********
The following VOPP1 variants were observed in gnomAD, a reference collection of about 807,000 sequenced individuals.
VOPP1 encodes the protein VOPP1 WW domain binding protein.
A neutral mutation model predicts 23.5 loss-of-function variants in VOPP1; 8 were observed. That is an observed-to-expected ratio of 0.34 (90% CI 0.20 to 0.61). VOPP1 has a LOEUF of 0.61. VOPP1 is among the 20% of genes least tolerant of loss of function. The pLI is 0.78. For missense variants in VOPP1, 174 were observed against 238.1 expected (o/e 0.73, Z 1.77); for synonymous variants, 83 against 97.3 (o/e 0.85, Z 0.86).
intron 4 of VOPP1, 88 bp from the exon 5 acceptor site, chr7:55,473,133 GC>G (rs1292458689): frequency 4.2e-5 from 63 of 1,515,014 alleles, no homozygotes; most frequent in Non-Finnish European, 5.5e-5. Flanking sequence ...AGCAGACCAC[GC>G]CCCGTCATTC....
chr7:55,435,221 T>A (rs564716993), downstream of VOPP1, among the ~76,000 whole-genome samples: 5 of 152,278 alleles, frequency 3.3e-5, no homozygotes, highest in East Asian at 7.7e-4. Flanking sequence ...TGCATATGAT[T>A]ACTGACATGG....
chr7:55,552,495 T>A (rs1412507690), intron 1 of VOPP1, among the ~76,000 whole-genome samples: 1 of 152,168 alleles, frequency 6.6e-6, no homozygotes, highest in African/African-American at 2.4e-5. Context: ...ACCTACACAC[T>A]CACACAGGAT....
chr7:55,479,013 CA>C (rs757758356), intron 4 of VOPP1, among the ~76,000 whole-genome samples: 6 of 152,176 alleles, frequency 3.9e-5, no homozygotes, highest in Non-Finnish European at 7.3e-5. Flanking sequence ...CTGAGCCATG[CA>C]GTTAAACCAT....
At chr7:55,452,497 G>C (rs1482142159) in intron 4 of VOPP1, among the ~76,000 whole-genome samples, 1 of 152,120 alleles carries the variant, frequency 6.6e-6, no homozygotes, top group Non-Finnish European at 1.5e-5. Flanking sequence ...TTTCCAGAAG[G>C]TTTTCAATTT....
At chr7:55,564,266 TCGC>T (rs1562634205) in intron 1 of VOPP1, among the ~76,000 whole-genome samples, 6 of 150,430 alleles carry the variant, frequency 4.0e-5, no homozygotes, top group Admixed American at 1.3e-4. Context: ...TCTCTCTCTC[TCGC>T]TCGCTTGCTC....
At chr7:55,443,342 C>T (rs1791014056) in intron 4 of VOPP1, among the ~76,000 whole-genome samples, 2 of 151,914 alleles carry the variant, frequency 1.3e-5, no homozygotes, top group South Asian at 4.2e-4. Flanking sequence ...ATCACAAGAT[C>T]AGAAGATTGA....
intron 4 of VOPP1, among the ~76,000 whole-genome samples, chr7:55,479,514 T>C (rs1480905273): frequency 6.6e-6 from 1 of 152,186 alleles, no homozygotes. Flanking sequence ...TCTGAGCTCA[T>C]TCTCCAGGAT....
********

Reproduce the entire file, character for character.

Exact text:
The following VOPP1 variants were observed in gnomAD, a reference collection of about 807,000 sequenced individuals.
VOPP1 encodes the protein VOPP1 WW domain binding protein.
A neutral mutation model predicts 23.5 loss-of-function variants in VOPP1; 8 were observed. That is an observed-to-expected ratio of 0.34 (90% CI 0.20 to 0.61). VOPP1 has a LOEUF of 0.61. VOPP1 is among the 20% of genes least tolerant of loss of function. The pLI is 0.78. For missense variants in VOPP1, 174 were observed against 238.1 expected (o/e 0.73, Z 1.77); for synonymous variants, 83 against 97.3 (o/e 0.85, Z 0.86).
intron 4 of VOPP1, 88 bp from the exon 5 acceptor site, chr7:55,473,133 GC>G (rs1292458689): frequency 4.2e-5 from 63 of 1,515,014 alleles, no homozygotes; most frequent in Non-Finnish European, 5.5e-5. Flanking sequence ...AGCAGACCAC[GC>G]CCCGTCATTC....
chr7:55,435,221 T>A (rs564716993), downstream of VOPP1, among the ~76,000 whole-genome samples: 5 of 152,278 alleles, frequency 3.3e-5, no homozygotes, highest in East Asian at 7.7e-4. Flanking sequence ...TGCATATGAT[T>A]ACTGACATGG....
chr7:55,552,495 T>A (rs1412507690), intron 1 of VOPP1, among the ~76,000 whole-genome samples: 1 of 152,168 alleles, frequency 6.6e-6, no homozygotes, highest in African/African-American at 2.4e-5. Context: ...ACCTACACAC[T>A]CACACAGGAT....
chr7:55,479,013 CA>C (rs757758356), intron 4 of VOPP1, among the ~76,000 whole-genome samples: 6 of 152,176 alleles, frequency 3.9e-5, no homozygotes, highest in Non-Finnish European at 7.3e-5. Flanking sequence ...CTGAGCCATG[CA>C]GTTAAACCAT....
At chr7:55,452,497 G>C (rs1482142159) in intron 4 of VOPP1, among the ~76,000 whole-genome samples, 1 of 152,120 alleles carries the variant, frequency 6.6e-6, no homozygotes, top group Non-Finnish European at 1.5e-5. Flanking sequence ...TTTCCAGAAG[G>C]TTTTCAATTT....
At chr7:55,564,266 TCGC>T (rs1562634205) in intron 1 of VOPP1, among the ~76,000 whole-genome samples, 6 of 150,430 alleles carry the variant, frequency 4.0e-5, no homozygotes, top group Admixed American at 1.3e-4. Context: ...TCTCTCTCTC[TCGC>T]TCGCTTGCTC....
At chr7:55,443,342 C>T (rs1791014056) in intron 4 of VOPP1, among the ~76,000 whole-genome samples, 2 of 151,914 alleles carry the variant, frequency 1.3e-5, no homozygotes, top group South Asian at 4.2e-4. Flanking sequence ...ATCACAAGAT[C>T]AGAAGATTGA....
intron 4 of VOPP1, among the ~76,000 whole-genome samples, chr7:55,479,514 T>C (rs1480905273): frequency 6.6e-6 from 1 of 152,186 alleles, no homozygotes. Flanking sequence ...TCTGAGCTCA[T>C]TCTCCAGGAT....